I used to view him as overrated, but now think the opposite. A couple of years ago he was getting some buzz and going pretty high in drafts. His numbers for 2004-05 were fine, but didn't continue the upward trajectory from the previous years. He got the rap of being a one-dimensional player that only scores. However last year he improved almost across the board, and should be even better this year, yet the rep stays with him.

I simply don't think this is deserved. No, he's not a triple-double threat, but he contibutes in a variety of ways. Check out Redd's 2005-06 numbers as they compare to those of consensus first-rounder Ray Allen:

Redd: 25.4 ppg 4.3 rpg 2.9 apg 2.0 3pg 1.2 spg 0.1 bpg .877 FT .454 FG 2.1 TO

Allen: 25.1 ppg 4.3 rpg 3.7 apg 3.5 3pg 1.3 spg 0.2 bpg .903 FT .450 FG 2.4 TO

Allen has a hefty edge in threes, which certainly accounts for much of his increased value. But other than that, Redd is virtually identical. Allen's superior free throw percentage is offset by the fact that Redd shoots far more of them (4.6 attempts per game for Allen against 7.1 per for Redd), which makes a bigger contribution to a team's overall percentage.

I'm not saying I'd rather have Michael Redd than Ray Allen. Obviously, Allen's threes make him worth it. But Redd is younger and virtually just as good, yet usually he goes at least a full round later, sometimes two rounds later. Seems to me he's one of the best values in the game. Any thoughts?

Posted by A Hoff at 10/26/2006 10:58:00 PM

Comments (4)

Performance Enhancers in the NBA
A reporter for the Toronto Globe & Mail interviewed a couple of the Raptors about steroid usage in the NBA.

This got me to thinking... the NBA has been testing for steroids since 1999, but only three guys have been caught? How is that possible?

So here's the big question -- is the NBA juiced?

Posted by Charlie at 10/26/2006 10:29:00 AM
Comments (1)

A Quality Shooter Would Jazz Things Up
Once again, Utah enters the regular season without a designated sniper. No instant offense, no one able to come off the bench and shoot the lights out. Gordon Giricek is the reigning two guard, but he shot a meager 31% beyond the arc last year. Derek Fisher has shown he isn't afraid to take a shot with the game on the line, but he's 32 and currently beset with injury. Ronnie Brewer is a possibility, provided Jerry Sloan gives the rookie significant playing time. However, Brewer has an unorthodox shot and was never a prolific collegiate scorer. C.J. Miles isn't old enough to buy a beer in most NBA cities and remains at least a year away. Relegated to a group of merely competent scorers, the Jazz will likely spend the season shuffling through the deck in search of the latest hot hand.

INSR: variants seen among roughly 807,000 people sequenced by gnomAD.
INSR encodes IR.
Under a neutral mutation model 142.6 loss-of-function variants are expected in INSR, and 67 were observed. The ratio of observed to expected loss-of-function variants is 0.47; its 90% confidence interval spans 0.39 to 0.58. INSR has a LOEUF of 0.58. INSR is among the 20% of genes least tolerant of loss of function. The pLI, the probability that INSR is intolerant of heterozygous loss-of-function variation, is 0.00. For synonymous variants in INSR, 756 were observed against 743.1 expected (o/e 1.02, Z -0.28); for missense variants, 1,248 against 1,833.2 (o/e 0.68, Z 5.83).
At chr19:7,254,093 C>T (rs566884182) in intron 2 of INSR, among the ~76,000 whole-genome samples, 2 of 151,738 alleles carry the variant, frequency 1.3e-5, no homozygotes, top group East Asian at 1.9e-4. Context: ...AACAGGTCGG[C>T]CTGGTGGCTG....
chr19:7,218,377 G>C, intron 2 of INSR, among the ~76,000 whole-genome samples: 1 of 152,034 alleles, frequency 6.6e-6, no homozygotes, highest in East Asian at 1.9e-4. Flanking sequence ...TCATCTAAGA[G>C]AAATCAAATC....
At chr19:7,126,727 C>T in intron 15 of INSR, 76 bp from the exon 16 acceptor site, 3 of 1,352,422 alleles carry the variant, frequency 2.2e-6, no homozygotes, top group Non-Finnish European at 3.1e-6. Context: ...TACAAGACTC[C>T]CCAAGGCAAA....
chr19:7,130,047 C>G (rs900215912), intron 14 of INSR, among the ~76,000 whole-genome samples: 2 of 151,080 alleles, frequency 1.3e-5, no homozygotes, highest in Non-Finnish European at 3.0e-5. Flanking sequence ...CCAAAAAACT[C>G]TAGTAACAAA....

Posted by Rob Democh at 10/26/2006 9:44:00 AM
Comments (2)

Money, it's GOT to be the shoes
Stephon Marbury is likely to miss a preseason game or two due to bursitis. Naturally, the media has been quick to assign blame to Stephon's new low-cost shoes.

I'm the first to admit that Stephon hasn't exactly been a teddy bear to the fans or the media... but let's give the guy a break here. The shoes are a good idea. There's no reason that poor kids... or ANY kids, for that matter... should be pressing their parents for $150 sneakers. And c'mon... this is a minor ouchie. It's not like his Steve & Barry's kicks are going to lead to amputation.

Give Steph a break. (If you want to hammer someone, go after Steve Francis.)

Posted by Charlie at 10/25/2006 9:12:00 AM
Comments (2)

Will the Rockets Go Small?
The Rockets put out a pretty formidable starting five if they use Shane Battier at the four, an idea they're already toying with. They'd have Rafer Alston, a first-rate ball-handler and distributor, at the point, Tracy McGrady and Bonzi Wells at the swing spots (both players rebound exceptionally well for guards, and both can abuse smaller two-guards one of whom would have to guard at least one of them), Shane Battier at the four - he's undersized, but able to draw opposing fours out to the three-point line, and Yao in the middle. In fact, the team would only be small at the four, since McGrady/Wells are actually fairly big for swingmen, and Yao is big for a center.

Health is a big factor as the Rockets' depth is a little suspect - Juwan Howard can't bang anymore, and Chuck Hayes can't do anything but bang. Steve Novak can shoot, but he's not a banger, and Dikembe Mutumbo is pushing 40. Luther Head and Vassilis Spanoulis have impressed in camp, but neither is likely to be ready to assume major minutes (Head did last year, but struggled).

Posted by Chris Liss at 10/23/2006 1:50:00 PM

Comments (2)

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10/8/2006 - 10/14/2006
10/1/2006 - 10/7/2006
9/24/2006 - 9/30/2006
9/17/2006 - 9/23/2006
9/10/2006 - 9/16/2006
9/3/2006 - 9/9/2006
8/27/2006 - 9/2/2006
8/20/2006 - 8/26/2006
8/13/2006 - 8/19/2006
8/6/2006 - 8/12/2006
7/30/2006 - 8/5/2006
7/23/2006 - 7/29/2006
7/16/2006 - 7/22/2006
7/9/2006 - 7/15/2006
7/2/2006 - 7/8/2006
6/25/2006 - 7/1/2006
6/18/2006 - 6/24/2006
6/11/2006 - 6/17/2006
6/4/2006 - 6/10/2006
5/28/2006 - 6/3/2006
5/21/2006 - 5/27/2006
5/14/2006 - 5/20/2006
5/7/2006 - 5/13/2006
4/30/2006 - 5/6/2006
4/23/2006 - 4/29/2006
4/16/2006 - 4/22/2006
4/9/2006 - 4/15/2006
4/2/2006 - 4/8/2006
3/26/2006 - 4/1/2006
3/19/2006 - 3/25/2006
3/12/2006 - 3/18/2006
3/5/2006 - 3/11/2006
2/26/2006 - 3/4/2006
2/19/2006 - 2/25/2006
2/12/2006 - 2/18/2006
2/5/2006 - 2/11/2006
1/29/2006 - 2/4/2006
1/22/2006 - 1/28/2006
1/15/2006 - 1/21/2006
1/8/2006 - 1/14/2006
1/1/2006 - 1/7/2006